Agree with all of the conclusion except this - "The overall market share of the Big Three in the console space would probably not be too dissimilar in Gens 6 & 7, but would probably be different in the current generation without the online-fueled factors that came into play prior to the launches of the PS4 & XBO in 2013".
Gen 6 I agree, but Gen 7 would probably have been quite a bit different. Xbox 360's market share in particular would have been lower, as some of its success in America and to a lesser extent Europe was clearly derived from it being ahead of the curve when it came to online gaming (especially with real life friends, which allowed Microsoft to quickly capture large groups of teens).
I actually think Kinect would have been more successful (though not enough to have offset the lost market share I speculated on in the previous sentence?), because in a pre-internet scenario I could see the gaming magazines and tv shows with their exclusive footage going quite OTT in how 'game-changing' it was going to be and really pushing it. It's a concept that sounds quite appealing, especially if you're not able to see video footage or experience its inadequacies for yourself. There would have been no gaff reals and internet memes surrounding its reveal; no parodies and piss-taking of the flaws, etc. Just a carefully groomed print and television media PR operation.
To some extent that applies to the Wii as well, which I could see performing slightly better in a non-internet world.
PS3 sales would probably have been broadly the same, but both it and the Wii's market share would be higher as a result of the Xbox 360's lower sales. Neither PS3 nor Wii really utilised online all that well, especially early on, when Sony's PSN service was also a lot more barebones than people remember; gaps between new PSN releases were lengthy, it lacked so many features XBL had, Sony seemed to scrabble around experimenting but with things that didn't take off (remember the digital magazine subscription, anyone?), and PSN was really playing catch up for several years. The only advantage it had was free online but by the time PSN had caught up to XBL even that was put behind a pay wall.
Interestingly I think it would also have impacted the handheld market too. PSV would've done even worse than it did - so much of what success it did have in the west after that first year came from digital downloads, especially PSN-released indie titles, cross-play, and the ease of access to information on Japanese releases for import. There wouldn't have been any of that in a world without the internet.
Could the lack of an internet have hurt the PSP and DS family too? From a pure hardware sales perspective didn't they sell more units thanks to the ease with which they were cracked and people were able to pirate any and all games for them? They basically became 'buy the platform and never buy a game for it' machines for a lot of people thanks to that. In a world without the internet, knowledge of that kind of thing would've been much less prevalent, so would hardware sales have actually been lower?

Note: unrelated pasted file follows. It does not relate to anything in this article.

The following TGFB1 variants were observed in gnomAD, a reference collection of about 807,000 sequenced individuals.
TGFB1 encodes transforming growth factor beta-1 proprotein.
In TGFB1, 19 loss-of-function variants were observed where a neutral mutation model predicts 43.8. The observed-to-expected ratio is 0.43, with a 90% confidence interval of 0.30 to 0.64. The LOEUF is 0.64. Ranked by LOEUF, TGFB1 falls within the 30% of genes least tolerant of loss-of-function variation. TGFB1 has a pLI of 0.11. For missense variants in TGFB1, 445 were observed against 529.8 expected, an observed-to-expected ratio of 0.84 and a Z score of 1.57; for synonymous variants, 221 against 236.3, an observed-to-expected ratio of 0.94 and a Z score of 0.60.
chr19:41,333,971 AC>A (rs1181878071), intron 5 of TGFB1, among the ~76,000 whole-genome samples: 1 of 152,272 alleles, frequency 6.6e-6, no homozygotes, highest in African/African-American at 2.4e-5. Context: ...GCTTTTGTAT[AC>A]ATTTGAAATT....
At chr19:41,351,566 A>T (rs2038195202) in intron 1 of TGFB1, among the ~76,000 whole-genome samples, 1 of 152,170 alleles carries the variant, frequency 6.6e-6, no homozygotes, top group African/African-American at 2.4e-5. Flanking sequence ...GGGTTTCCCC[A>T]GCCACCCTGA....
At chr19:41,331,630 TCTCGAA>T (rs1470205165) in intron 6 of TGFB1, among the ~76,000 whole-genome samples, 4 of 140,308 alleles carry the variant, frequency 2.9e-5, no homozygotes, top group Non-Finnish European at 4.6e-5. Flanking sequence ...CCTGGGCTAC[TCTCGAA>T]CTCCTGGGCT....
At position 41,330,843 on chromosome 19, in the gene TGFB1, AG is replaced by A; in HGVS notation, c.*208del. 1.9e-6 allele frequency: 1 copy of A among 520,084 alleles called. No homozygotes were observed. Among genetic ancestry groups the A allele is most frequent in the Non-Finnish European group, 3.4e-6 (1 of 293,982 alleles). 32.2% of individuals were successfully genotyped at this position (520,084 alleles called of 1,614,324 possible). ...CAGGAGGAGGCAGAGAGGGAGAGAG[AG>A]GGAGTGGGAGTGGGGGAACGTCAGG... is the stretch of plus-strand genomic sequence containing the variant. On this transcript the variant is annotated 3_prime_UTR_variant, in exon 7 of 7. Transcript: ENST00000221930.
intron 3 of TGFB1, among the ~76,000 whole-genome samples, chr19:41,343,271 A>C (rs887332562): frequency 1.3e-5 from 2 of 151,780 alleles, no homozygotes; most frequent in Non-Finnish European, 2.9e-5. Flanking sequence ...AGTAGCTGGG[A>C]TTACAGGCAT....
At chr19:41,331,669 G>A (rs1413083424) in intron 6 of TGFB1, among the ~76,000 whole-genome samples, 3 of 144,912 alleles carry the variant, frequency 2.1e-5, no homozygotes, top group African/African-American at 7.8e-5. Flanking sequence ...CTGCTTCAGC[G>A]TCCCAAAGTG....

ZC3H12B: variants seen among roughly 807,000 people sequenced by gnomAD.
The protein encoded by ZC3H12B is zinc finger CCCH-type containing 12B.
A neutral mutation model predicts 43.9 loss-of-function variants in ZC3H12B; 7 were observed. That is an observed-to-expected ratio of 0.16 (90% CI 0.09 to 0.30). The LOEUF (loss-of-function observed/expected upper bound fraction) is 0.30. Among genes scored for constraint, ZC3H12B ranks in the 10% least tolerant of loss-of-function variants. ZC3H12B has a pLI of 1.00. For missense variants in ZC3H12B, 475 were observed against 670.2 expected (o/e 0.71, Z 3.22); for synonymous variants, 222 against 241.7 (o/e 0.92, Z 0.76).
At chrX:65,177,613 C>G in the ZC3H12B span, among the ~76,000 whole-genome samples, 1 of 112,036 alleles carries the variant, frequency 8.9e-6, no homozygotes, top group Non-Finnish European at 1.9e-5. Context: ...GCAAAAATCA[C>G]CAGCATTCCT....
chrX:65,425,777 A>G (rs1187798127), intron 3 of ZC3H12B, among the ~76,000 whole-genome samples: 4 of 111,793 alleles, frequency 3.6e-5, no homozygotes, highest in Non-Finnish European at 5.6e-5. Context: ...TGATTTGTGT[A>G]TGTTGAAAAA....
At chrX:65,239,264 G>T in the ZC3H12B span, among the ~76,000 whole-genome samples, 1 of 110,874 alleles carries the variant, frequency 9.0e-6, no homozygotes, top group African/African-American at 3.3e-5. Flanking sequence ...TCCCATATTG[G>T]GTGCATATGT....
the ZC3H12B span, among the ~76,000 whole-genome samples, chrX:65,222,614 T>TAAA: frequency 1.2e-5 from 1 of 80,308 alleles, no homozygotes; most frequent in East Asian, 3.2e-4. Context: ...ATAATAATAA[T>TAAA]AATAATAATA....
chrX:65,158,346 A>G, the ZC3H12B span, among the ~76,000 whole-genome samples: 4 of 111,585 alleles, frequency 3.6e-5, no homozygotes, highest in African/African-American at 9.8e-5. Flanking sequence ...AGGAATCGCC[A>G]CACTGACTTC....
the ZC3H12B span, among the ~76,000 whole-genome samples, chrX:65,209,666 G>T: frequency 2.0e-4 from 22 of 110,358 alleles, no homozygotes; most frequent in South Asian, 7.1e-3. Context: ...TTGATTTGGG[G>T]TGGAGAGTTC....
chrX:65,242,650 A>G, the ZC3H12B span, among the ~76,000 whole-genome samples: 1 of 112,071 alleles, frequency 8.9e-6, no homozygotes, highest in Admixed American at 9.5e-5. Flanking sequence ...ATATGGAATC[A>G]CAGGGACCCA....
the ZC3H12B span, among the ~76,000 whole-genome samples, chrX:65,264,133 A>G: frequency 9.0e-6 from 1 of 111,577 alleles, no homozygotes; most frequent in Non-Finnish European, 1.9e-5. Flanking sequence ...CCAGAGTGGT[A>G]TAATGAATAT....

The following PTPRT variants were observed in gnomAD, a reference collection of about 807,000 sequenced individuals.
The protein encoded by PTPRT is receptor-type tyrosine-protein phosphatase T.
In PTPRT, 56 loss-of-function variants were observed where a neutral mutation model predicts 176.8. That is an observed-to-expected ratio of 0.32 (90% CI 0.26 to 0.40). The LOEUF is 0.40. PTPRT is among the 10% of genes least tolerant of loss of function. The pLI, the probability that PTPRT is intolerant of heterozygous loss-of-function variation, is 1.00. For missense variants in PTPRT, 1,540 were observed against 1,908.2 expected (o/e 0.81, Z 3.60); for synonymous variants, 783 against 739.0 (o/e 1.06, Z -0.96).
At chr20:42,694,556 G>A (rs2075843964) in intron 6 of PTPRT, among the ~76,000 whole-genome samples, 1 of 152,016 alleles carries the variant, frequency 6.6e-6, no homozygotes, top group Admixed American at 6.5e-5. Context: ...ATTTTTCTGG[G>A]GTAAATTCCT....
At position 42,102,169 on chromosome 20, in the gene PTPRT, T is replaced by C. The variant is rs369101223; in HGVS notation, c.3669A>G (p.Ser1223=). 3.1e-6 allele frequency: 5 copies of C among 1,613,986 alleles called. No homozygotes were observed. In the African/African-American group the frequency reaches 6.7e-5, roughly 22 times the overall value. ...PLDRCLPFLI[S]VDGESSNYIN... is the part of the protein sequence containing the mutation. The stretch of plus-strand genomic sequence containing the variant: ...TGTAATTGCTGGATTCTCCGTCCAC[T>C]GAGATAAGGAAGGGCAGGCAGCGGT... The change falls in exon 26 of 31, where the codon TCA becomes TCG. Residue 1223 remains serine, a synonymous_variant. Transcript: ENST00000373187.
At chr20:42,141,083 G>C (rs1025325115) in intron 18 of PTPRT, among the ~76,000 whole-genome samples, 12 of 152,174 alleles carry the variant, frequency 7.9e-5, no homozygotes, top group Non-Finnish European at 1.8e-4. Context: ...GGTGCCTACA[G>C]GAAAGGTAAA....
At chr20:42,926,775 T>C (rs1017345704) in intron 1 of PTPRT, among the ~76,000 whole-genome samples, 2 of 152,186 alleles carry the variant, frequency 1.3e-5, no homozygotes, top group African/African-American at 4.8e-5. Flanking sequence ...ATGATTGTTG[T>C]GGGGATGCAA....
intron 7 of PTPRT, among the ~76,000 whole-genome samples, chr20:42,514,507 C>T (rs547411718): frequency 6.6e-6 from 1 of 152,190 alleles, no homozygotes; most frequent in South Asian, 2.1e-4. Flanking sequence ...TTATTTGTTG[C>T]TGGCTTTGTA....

In a non-internet world this gen would have played out differently than it did, but if none of the companies had changed anything about their approaches then I think:
- Xbox One would have struggled even more than it did. The lacklustre first party output would have hurt it harder and earlier than it did.
- PS4 would have likely done just as well - most of the first party games that sell the hardware are primarily single player anyway and the mainstream third party stuff like FIFA, Madden, CoD (MoH before it) etc. were successes pre-internet, so lack of internet wouldn't actually hurt them in a world where there had never been internet.
- Switch. Hmm. Like many Ninty platforms it derives a lot of its appeal from local co-op and of course from Nintendo's titles. None of that would be any different in a non-internet world. What % of Switch's sales are contingent on the platform's online offerings? Probably close to zero, right? Although the Directs wouldn't be a thing in a non-internet world, and they do seem to be a great success for the company at getting word of its products out to a wide audience. Regardless of that I don't think it would have done worse, but it certainly may have done better.
- PC. Smaller, but definitely still a thing. Modern PC gaming is completely reliant on the internet, but I am old enough to remember the pre-internet days (fuck me, I feel old now) and there was a market without the internet, just a pretty niche one that was very much distinct from console gaming (even to the extent of those games being sold in entirely different stores).